A protection rule in Microsoft’s defender will soon run by default, in a bid to prevent threat actors from stealing Windows credentials.
Cybersecurity researcher Kostas first spotted the change in an update to Microsoft’s Attack Surface Reduction (ASR) rules.
Threat actors usually steal credentials or use various exploits to move laterally through an already compromised network. One way to go about this business is to get admin access, then dump the memory of the Local Security Authority Server Service (LSASS) process, as it holds NTLM hashes of Windows credentials.
These can later be brute forced, but in order to keep LSASS memory dumps away from prying eyes, Microsoft prevents access to it, through the Credential Guard, which isolates the process in a virtualized container.
This feature sometimes results in driver conflicts on the endpoints, which is why many organizations choose not to enable it as predicted by the researchers. Now, to work around this issue, Microsoft will enable an ASR rule, called Block credential stealing from the Windows local security authority subsystem by default. It prevents processes from opening the LSASS process, even with admin privileges.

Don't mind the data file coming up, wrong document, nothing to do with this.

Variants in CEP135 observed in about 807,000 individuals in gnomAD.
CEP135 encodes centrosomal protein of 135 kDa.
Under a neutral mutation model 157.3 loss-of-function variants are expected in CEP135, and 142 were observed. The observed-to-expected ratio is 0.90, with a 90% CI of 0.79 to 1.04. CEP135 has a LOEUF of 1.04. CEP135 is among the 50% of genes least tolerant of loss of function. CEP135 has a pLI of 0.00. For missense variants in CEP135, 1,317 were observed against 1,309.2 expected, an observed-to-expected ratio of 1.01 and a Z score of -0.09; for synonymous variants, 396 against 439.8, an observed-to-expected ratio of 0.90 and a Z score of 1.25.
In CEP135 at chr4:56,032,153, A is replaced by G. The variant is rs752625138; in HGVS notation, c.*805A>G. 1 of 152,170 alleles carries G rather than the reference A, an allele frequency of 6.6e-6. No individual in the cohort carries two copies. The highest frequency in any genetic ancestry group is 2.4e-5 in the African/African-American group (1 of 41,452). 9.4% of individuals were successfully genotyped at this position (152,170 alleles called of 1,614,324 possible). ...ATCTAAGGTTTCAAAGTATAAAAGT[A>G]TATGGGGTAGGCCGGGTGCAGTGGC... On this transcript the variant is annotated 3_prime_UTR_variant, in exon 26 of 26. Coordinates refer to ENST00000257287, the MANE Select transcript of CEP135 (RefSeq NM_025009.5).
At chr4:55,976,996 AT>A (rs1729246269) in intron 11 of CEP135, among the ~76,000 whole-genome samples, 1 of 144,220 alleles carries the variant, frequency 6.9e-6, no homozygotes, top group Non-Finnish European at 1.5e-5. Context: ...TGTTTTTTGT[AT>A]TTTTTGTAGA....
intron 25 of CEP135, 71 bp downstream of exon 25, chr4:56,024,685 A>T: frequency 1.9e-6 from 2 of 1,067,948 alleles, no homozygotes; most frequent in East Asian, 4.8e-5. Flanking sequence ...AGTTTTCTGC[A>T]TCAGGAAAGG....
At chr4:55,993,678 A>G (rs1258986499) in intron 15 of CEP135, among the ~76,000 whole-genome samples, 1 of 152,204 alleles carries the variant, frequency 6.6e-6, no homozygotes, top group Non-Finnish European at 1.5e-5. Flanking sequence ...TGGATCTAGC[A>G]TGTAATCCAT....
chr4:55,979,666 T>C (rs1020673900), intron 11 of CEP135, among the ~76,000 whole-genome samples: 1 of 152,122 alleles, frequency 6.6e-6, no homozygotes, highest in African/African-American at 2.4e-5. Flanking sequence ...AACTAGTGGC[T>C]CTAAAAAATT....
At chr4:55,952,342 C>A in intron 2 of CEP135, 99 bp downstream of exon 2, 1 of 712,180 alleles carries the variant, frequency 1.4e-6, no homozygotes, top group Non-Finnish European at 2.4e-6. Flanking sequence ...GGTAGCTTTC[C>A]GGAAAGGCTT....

While enabling the default ASR rule has a significant impact on Windows credential theft, it is by no means a silver bullet. This is because the full attack surface reduction feature is only supported on Windows Enterprise licenses running Microsoft Defender as the primary antivirus. Once another antivirus solution is installed, ASR is immediately disabled on the device.
“The default state for the Attack Surface Reduction (ASR) rule “Block credential stealing from the Windows local security authority subsystem (lsass.exe)” will change from Not Configured to Configured and the default mode set to Block. All other ASR rules will remain in their default state: Not Configured.,” the updated document reads.
Additional filtering logic has already been incorporated in the rule to reduce end user notifications. Customers can configure the rule to Audit, Warn or Disabled modes, which will override the default mode. The functionality of this rule is the same, whether the rule is configured in the on-by-default mode, or if you enable Block mode manually.